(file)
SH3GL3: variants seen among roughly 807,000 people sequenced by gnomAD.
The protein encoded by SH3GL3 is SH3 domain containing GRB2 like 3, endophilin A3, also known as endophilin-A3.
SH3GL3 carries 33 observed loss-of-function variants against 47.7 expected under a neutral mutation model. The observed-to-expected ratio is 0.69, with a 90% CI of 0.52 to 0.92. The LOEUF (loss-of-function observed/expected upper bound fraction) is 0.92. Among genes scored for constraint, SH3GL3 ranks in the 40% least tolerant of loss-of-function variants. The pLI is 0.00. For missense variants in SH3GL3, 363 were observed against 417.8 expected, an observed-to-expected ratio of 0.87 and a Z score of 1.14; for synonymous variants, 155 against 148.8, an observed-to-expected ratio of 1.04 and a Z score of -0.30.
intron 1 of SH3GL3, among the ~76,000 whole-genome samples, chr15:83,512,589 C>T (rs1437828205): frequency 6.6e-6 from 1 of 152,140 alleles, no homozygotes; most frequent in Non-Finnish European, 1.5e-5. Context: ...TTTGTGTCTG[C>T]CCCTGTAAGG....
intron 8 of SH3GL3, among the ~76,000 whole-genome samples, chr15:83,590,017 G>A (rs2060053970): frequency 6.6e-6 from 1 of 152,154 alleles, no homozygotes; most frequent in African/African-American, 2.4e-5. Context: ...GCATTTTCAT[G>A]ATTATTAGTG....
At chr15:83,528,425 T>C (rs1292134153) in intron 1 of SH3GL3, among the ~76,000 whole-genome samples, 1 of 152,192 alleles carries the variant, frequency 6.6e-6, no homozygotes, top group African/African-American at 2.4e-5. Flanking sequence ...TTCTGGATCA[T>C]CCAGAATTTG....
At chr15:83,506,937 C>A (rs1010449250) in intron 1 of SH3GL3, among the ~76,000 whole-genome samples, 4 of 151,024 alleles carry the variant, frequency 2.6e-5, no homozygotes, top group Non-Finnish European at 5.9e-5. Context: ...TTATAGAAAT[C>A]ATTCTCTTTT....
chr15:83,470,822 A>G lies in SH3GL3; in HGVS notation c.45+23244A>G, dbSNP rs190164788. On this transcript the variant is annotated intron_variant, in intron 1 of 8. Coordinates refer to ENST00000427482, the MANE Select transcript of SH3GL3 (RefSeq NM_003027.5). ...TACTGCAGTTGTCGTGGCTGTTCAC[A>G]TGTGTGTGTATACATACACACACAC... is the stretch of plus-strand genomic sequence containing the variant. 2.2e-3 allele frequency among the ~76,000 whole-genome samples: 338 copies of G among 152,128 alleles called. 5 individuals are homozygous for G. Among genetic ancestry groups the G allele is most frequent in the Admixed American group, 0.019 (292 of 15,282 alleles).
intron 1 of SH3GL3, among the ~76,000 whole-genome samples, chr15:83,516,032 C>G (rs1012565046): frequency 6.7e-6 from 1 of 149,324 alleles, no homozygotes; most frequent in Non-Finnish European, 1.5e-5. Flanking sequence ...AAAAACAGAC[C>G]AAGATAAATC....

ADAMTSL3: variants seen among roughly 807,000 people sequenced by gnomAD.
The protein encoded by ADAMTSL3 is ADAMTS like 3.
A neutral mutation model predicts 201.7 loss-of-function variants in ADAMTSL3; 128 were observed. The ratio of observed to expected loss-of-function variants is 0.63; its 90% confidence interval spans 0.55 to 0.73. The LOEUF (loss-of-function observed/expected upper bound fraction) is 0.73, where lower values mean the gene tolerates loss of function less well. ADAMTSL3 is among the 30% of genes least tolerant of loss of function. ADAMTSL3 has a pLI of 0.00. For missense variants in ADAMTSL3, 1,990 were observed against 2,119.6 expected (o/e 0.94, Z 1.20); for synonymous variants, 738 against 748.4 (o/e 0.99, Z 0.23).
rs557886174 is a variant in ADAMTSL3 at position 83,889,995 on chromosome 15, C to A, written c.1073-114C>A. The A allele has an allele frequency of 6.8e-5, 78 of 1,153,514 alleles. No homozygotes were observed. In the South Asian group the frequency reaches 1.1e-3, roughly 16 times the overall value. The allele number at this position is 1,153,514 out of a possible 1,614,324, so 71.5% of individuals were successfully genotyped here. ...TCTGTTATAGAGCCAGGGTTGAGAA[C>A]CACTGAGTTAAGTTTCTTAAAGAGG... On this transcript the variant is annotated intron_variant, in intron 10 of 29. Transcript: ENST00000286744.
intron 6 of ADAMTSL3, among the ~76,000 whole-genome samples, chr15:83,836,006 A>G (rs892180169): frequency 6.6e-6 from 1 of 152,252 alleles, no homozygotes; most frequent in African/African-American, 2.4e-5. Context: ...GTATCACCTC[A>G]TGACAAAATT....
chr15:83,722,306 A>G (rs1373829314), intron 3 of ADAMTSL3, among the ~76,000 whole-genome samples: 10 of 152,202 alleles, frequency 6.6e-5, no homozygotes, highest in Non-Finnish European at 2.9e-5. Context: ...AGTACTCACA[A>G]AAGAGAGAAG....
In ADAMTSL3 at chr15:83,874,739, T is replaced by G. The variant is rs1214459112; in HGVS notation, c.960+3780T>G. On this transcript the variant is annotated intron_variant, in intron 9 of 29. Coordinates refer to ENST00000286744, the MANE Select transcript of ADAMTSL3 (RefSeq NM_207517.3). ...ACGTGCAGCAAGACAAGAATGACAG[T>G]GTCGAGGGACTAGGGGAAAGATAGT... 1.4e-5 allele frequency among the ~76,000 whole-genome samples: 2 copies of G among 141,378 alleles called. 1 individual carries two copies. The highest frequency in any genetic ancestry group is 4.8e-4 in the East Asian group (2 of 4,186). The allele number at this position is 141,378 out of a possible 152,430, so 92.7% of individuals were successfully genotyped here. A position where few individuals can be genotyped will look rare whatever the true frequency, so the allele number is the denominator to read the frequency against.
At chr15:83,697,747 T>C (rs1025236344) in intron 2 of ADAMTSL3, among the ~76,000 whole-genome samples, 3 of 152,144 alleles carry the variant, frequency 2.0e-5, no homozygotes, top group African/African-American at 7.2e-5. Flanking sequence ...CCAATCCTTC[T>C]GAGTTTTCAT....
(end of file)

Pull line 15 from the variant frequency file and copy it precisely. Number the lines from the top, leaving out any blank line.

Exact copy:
chr15:83,722,306 A>G (rs1373829314), intron 3 of ADAMTSL3, among the ~76,000 whole-genome samples: 10 of 152,202 alleles, frequency 6.6e-5, no homozygotes, highest in Non-Finnish European at 2.9e-5. Context: ...AGTACTCACA[A>G]AAGAGAGAAG....